© Tomas van Houtryve/VII

© Tomas van Houtryve/VII. “Baseball practice in Montgomery County, Maryland. According to records obtained from the FAA, which issued 1,428 domestic drone permits between 2007 and early 2013, the National Institute of Standards and Technology and the U.S. Navy have applied for drone authorization in Montgomery County.”

Tomas van Houtryve takes on the proliferation of drones as weapons and as tools of surveillance in the April issue of Harper’s Magazine, in a photo essay titled “Blue Sky Days.” At 16 pages, it’s the largest picture story ever published by Harper’s.

To create the work, Van Houtryve’s outfit a drone he purchased on Amazon.com for still photography and video, and then piloted it, in areas throughout the United States, over “the very sorts of gatherings that have become habitual targets for foreign air strikes,” the introductory text explains. These included weddings, funerals, and groups of people exercising or praying. The images also depict domestic borders, prisons and other areas where military or police have flown surveillance drones, or have applied for permits to do so.

“His idea was daring, elegant, and perfectly timed,” Harper’s art director Stacey D. Clarkson told PDN via email. “He explained that the technology for drones is way ahead of legislation concerning them, and though drones are part of our contemporary reality, the specific ways they are used (and can be used) are not in the public consciousness. The urgency of the work, the complexity of the ideas, needed space to be properly conveyed. And the images themselves needed to run large in order for the reader to see what Tomas’s drone could see—embroidery on top of a hat, spokes on a bicycle wheel, and home plate at a neighborhood baseball field.”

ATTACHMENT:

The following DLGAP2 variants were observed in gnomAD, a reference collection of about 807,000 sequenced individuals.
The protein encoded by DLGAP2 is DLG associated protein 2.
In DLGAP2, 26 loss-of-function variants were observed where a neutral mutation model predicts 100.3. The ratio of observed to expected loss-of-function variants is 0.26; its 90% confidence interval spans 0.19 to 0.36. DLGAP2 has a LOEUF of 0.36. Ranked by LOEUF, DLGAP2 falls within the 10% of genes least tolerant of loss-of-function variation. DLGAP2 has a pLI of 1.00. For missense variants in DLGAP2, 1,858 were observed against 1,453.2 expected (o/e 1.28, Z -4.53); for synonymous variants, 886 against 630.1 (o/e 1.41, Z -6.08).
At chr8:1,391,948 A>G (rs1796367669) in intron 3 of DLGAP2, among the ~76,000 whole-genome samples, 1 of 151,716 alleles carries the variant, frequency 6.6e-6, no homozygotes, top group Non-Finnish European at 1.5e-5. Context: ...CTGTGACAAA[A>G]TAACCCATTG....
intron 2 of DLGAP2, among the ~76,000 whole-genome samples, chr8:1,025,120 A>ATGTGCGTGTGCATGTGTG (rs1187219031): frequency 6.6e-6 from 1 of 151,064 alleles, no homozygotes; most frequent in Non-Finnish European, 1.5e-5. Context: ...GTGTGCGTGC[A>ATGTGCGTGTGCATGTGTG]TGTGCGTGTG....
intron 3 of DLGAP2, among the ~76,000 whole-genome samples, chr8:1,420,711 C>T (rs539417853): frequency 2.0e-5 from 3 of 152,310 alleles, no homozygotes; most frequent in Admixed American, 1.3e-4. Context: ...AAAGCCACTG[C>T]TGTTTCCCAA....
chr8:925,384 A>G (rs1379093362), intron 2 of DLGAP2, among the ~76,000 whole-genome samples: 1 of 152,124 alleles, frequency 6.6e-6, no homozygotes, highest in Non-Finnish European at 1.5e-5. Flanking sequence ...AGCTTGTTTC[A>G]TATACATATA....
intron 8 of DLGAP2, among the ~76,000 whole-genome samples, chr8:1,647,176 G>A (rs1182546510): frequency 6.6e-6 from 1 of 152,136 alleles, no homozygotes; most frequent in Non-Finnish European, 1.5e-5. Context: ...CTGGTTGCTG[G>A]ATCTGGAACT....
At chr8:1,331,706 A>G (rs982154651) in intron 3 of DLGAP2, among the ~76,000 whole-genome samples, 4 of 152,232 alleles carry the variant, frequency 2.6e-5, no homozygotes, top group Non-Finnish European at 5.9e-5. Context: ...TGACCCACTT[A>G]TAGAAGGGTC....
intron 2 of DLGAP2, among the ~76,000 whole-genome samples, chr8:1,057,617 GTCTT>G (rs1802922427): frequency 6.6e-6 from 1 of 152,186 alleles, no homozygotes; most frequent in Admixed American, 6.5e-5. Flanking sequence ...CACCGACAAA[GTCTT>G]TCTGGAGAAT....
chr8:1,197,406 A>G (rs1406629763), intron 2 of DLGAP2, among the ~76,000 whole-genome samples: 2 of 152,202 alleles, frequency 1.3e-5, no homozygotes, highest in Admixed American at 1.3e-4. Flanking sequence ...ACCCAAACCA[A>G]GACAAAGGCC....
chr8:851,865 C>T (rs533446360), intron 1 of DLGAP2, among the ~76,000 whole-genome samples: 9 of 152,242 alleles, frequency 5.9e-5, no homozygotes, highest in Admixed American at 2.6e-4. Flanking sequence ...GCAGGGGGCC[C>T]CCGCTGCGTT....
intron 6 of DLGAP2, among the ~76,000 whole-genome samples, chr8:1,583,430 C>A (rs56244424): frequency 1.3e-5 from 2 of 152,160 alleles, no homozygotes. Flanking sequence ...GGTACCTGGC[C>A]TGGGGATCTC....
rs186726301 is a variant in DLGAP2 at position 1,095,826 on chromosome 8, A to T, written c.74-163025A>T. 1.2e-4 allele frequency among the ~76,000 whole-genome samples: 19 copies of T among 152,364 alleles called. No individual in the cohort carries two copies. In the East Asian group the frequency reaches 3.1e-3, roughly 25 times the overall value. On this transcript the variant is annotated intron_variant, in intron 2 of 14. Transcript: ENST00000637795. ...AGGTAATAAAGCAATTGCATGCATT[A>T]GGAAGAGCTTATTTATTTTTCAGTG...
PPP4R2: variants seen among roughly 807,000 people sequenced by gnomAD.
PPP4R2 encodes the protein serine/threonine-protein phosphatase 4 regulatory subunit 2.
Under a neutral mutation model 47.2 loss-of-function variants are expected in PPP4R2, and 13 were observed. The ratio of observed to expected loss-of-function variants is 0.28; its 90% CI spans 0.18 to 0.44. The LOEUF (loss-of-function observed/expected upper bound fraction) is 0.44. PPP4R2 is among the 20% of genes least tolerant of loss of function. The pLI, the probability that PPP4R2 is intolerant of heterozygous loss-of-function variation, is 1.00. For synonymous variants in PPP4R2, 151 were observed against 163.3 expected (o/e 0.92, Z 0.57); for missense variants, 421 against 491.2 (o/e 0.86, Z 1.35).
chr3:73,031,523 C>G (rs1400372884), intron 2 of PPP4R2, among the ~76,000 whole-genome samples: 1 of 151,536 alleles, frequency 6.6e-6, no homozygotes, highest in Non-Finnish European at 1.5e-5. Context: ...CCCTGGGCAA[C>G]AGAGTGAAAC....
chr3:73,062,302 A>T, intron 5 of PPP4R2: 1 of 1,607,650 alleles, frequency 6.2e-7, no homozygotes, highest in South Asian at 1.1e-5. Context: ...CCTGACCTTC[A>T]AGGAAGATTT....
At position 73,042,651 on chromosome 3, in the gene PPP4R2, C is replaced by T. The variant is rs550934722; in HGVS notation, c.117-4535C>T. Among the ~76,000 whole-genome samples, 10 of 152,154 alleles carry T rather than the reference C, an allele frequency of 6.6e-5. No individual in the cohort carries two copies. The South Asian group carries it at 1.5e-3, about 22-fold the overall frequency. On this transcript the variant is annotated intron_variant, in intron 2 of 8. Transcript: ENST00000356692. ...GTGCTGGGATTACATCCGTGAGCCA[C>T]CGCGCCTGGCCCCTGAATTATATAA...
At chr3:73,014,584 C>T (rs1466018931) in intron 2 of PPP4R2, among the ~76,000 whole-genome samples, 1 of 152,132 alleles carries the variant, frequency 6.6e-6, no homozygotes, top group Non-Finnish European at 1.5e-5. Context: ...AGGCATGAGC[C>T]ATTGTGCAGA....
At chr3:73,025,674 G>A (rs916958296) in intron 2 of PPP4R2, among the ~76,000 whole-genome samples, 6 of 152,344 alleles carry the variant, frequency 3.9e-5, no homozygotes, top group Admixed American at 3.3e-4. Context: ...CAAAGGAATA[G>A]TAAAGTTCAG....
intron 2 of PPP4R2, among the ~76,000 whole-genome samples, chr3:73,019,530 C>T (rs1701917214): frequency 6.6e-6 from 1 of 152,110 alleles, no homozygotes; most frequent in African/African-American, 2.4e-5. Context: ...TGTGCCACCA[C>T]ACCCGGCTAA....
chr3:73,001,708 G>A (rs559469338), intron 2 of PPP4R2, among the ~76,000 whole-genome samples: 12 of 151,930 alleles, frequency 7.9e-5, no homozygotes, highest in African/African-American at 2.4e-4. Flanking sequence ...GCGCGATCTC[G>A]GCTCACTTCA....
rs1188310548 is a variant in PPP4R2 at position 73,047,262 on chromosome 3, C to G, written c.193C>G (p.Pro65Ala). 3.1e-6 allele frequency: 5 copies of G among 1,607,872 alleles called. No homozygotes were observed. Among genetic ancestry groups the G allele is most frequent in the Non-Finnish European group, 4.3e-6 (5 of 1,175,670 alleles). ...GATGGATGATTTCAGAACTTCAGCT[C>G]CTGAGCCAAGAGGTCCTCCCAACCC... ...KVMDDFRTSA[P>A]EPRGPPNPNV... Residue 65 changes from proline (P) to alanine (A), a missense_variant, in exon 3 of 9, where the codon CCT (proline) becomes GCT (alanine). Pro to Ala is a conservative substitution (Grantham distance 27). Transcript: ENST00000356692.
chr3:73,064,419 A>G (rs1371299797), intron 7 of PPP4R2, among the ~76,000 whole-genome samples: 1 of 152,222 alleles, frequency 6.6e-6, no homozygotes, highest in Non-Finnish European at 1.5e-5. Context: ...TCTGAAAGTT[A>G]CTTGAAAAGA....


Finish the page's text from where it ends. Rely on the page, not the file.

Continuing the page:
Captions for the photos make the connection between, for instance, a group of people exercising in a park, and the fact that a gathering of exercising men might, for the CIA, constitute evidence of a terrorist training camp. The effect is chilling. In an image of a wedding in central Philadelphia, a flower girl is the only member of a wedding party looking up at van Houtrve’s drone as he makes his image. A U.S. drone struck a wedding in Yemen in December 2013, killing 12 people, the caption tells us.

The essay’s title refers to the testimony a 13-year-old Pakistani boy named Zubair Rehman gave on Capitol Hill after his grandmother was killed by a drone strike while she was picking vegetables in her yard. The boy told lawmakers he no longer loves blue skies. “The drones do not fly when the skies are gray,” he said.

Van Houtryve will exhibit and speak about “Blue Sky Days” in New York on Friday, April 4, as part of “Surveillance.01-USA,” a symposium on surveillance-based visual arts projects. He will also appear with Clarkson at the University of Colorado, Boulder on April 7 as part of the university’s ATLAS speaker series.

Related: Client Meeting: Harper’s Magazine (accessible to PDN subscribers)
If We Spend $25K On A Photo Essay, Readers Should Pay to See It, Says Harper’s Publisher


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